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Inside iOS 11: Apple's 'Do Not Disturb While Driving' keeps you safe on the road

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Apple debuted a new safety feature in iOS 11 with "Do Not Disturb While Driving." AppleInsider corralled a co-pilot to test it out — here's how it works.

Editor's note: This article was originally published in June following the beta release of iOS 11. It has been updated and republished for the public launch of iOS 11.

"It's all about keeping your eyes on the road," Apple Senior Vice President of Software Engineering Craig Federighi said at WWDC when announcing the feature. "When you're driving, you don't need to respond to these kind of messages. In fact, you don't need to see them."

When the feature is active, and the iPhone is aware that you're in a car by connecting to a vehicle's USB connection or Bluetooth, it will actuate the feature automatically. When enabled, messages sent won't be displayed to the driver, and the phone can automatically notify people that you're on the road.

Any restriction disallowing use of a feature of the device, and ultimately, the proper use of the tool in the first place, is solely up to the operator.

Apple notes that even if not connected to a car, it can detect that the car is moving, and enable the feature accordingly. Regardless, CarPlay functionality stays live. Navigation and music playback still work.

The feature obeys parameters that users apply to regular "Do Not Disturb" mode. Users on the "favorite" contacts list can still break through. Parents concerned about a child disabling the feature can prevent changes to the setting in the Restrictions menu.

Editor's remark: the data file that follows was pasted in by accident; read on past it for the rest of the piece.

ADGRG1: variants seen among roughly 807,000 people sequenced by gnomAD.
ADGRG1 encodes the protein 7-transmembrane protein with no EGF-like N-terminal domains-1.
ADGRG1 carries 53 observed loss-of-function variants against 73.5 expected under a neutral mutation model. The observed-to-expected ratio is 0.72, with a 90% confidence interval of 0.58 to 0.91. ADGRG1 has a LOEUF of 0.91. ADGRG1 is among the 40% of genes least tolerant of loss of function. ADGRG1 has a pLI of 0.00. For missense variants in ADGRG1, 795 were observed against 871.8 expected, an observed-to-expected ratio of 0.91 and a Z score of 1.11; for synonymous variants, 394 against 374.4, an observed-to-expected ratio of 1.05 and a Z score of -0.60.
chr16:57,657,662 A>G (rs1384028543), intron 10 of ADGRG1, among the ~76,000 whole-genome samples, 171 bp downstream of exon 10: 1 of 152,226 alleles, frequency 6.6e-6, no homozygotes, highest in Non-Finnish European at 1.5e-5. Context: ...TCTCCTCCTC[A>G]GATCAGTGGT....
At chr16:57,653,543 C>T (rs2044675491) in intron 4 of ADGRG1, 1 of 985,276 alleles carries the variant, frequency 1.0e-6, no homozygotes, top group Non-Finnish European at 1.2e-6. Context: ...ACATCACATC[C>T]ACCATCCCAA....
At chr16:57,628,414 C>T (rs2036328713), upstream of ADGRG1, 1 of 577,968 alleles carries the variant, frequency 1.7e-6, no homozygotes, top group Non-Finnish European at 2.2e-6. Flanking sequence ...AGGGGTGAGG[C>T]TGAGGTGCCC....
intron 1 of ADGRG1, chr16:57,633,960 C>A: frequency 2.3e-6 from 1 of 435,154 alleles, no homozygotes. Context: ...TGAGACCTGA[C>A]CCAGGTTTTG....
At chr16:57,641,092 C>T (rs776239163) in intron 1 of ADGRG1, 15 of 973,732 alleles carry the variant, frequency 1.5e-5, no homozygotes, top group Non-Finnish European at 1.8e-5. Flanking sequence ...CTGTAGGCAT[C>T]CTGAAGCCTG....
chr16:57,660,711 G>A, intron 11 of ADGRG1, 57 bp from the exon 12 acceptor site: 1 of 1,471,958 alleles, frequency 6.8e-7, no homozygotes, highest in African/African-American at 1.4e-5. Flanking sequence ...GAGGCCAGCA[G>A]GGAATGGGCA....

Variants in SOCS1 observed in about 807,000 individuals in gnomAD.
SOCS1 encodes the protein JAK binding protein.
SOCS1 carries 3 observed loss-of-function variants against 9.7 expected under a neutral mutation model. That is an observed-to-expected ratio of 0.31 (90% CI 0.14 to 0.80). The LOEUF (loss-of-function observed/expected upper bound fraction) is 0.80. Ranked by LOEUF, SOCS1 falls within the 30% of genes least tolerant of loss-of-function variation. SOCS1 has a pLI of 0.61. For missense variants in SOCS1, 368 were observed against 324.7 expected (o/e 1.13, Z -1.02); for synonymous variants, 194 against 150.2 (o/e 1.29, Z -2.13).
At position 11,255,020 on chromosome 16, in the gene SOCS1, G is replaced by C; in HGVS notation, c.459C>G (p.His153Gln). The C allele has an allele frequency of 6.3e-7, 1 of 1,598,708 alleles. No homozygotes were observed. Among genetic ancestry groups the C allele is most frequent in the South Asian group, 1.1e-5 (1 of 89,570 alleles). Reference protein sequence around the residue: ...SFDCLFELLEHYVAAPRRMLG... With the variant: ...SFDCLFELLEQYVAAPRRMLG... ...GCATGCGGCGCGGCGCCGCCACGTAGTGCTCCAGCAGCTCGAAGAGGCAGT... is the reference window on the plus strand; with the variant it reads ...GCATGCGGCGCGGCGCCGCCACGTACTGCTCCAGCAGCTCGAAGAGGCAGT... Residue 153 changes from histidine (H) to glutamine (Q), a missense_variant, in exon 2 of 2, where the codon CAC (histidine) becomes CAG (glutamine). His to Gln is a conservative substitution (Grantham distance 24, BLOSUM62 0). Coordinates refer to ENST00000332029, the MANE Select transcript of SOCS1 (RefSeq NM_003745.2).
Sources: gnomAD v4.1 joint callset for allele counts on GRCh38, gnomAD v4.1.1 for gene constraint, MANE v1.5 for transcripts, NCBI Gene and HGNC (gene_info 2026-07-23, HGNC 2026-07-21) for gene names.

Also, passengers have the ability to dismiss the warning by tapping the "I'm not driving" button that pops up when the warning comes up.

Head out on the highway

The best way to enable the feature is to move the toggle to the Control Center in the Settings menu. To turn on the feature, invoke the Control Center, and tap on the button.

When the feature is enabled, the button will "illuminate." Restrictions kick in when CarPlay is connected, or the phone senses that it is moving, and you're supposed to get a notification that the feature is working.

Jokes about Washington D.C. traffic not allowing any real speed notwithstanding, AppleInsider testing did see the restrictions kick in at about 13 miles per hour when not connected to a CarPlay system.

Why now?

Apple, and other cell phone vendors, have come under fire for causing accidents because of induced distracted driving. Notably, a lawsuit in December filed against Apple accused the company of "failure to install and implement" a lock-out of FaceTime while a car is in motion, leading to a fatal crash in Texas. Apple generally wins the lawsuits, but it would be better if the accidents didn't have to happen in the first place.

"Do Not Disturb When Driving" is that lockout — but it is not a total shutdown. Any contact can use the word "Urgent" to break through the order, and any favorite contact will get sent through anyhow. Plus, the feature has to be turned by the user or a device management authority in the first place.

Any restriction disallowing use of a feature of the device, and ultimately, the proper use of the tool in the first place, is solely up to the operator.